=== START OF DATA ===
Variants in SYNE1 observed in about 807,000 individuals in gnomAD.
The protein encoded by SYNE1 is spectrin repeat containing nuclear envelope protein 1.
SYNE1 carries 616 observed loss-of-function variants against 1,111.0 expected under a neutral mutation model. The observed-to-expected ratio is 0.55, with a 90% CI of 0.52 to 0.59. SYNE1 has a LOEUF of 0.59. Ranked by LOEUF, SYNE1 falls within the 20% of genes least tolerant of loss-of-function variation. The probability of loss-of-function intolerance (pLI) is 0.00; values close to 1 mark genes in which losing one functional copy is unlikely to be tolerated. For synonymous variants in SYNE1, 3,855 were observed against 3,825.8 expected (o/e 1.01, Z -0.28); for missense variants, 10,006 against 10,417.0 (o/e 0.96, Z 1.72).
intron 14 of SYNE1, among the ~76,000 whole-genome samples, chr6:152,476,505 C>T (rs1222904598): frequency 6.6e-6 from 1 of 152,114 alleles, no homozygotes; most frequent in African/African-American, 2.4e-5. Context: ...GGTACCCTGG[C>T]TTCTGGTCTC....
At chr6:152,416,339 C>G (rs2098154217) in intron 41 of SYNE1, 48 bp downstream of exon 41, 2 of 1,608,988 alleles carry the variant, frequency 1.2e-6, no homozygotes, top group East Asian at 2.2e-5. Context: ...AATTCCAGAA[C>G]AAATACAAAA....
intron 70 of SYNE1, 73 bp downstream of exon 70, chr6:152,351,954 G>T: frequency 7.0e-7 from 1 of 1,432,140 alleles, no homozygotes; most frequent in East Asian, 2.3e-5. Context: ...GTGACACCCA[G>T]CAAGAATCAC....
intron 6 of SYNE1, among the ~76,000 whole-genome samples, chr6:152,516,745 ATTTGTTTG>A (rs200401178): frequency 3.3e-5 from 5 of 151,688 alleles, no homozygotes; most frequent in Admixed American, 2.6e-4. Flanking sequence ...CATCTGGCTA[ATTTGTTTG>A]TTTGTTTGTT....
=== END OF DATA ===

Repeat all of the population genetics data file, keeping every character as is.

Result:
Variants in SYNE1 observed in about 807,000 individuals in gnomAD.
The protein encoded by SYNE1 is spectrin repeat containing nuclear envelope protein 1.
SYNE1 carries 616 observed loss-of-function variants against 1,111.0 expected under a neutral mutation model. The observed-to-expected ratio is 0.55, with a 90% CI of 0.52 to 0.59. SYNE1 has a LOEUF of 0.59. Ranked by LOEUF, SYNE1 falls within the 20% of genes least tolerant of loss-of-function variation. The probability of loss-of-function intolerance (pLI) is 0.00; values close to 1 mark genes in which losing one functional copy is unlikely to be tolerated. For synonymous variants in SYNE1, 3,855 were observed against 3,825.8 expected (o/e 1.01, Z -0.28); for missense variants, 10,006 against 10,417.0 (o/e 0.96, Z 1.72).
intron 14 of SYNE1, among the ~76,000 whole-genome samples, chr6:152,476,505 C>T (rs1222904598): frequency 6.6e-6 from 1 of 152,114 alleles, no homozygotes; most frequent in African/African-American, 2.4e-5. Context: ...GGTACCCTGG[C>T]TTCTGGTCTC....
At chr6:152,416,339 C>G (rs2098154217) in intron 41 of SYNE1, 48 bp downstream of exon 41, 2 of 1,608,988 alleles carry the variant, frequency 1.2e-6, no homozygotes, top group East Asian at 2.2e-5. Context: ...AATTCCAGAA[C>G]AAATACAAAA....
intron 70 of SYNE1, 73 bp downstream of exon 70, chr6:152,351,954 G>T: frequency 7.0e-7 from 1 of 1,432,140 alleles, no homozygotes; most frequent in East Asian, 2.3e-5. Context: ...GTGACACCCA[G>T]CAAGAATCAC....
intron 6 of SYNE1, among the ~76,000 whole-genome samples, chr6:152,516,745 ATTTGTTTG>A (rs200401178): frequency 3.3e-5 from 5 of 151,688 alleles, no homozygotes; most frequent in Admixed American, 2.6e-4. Flanking sequence ...CATCTGGCTA[ATTTGTTTG>A]TTTGTTTGTT....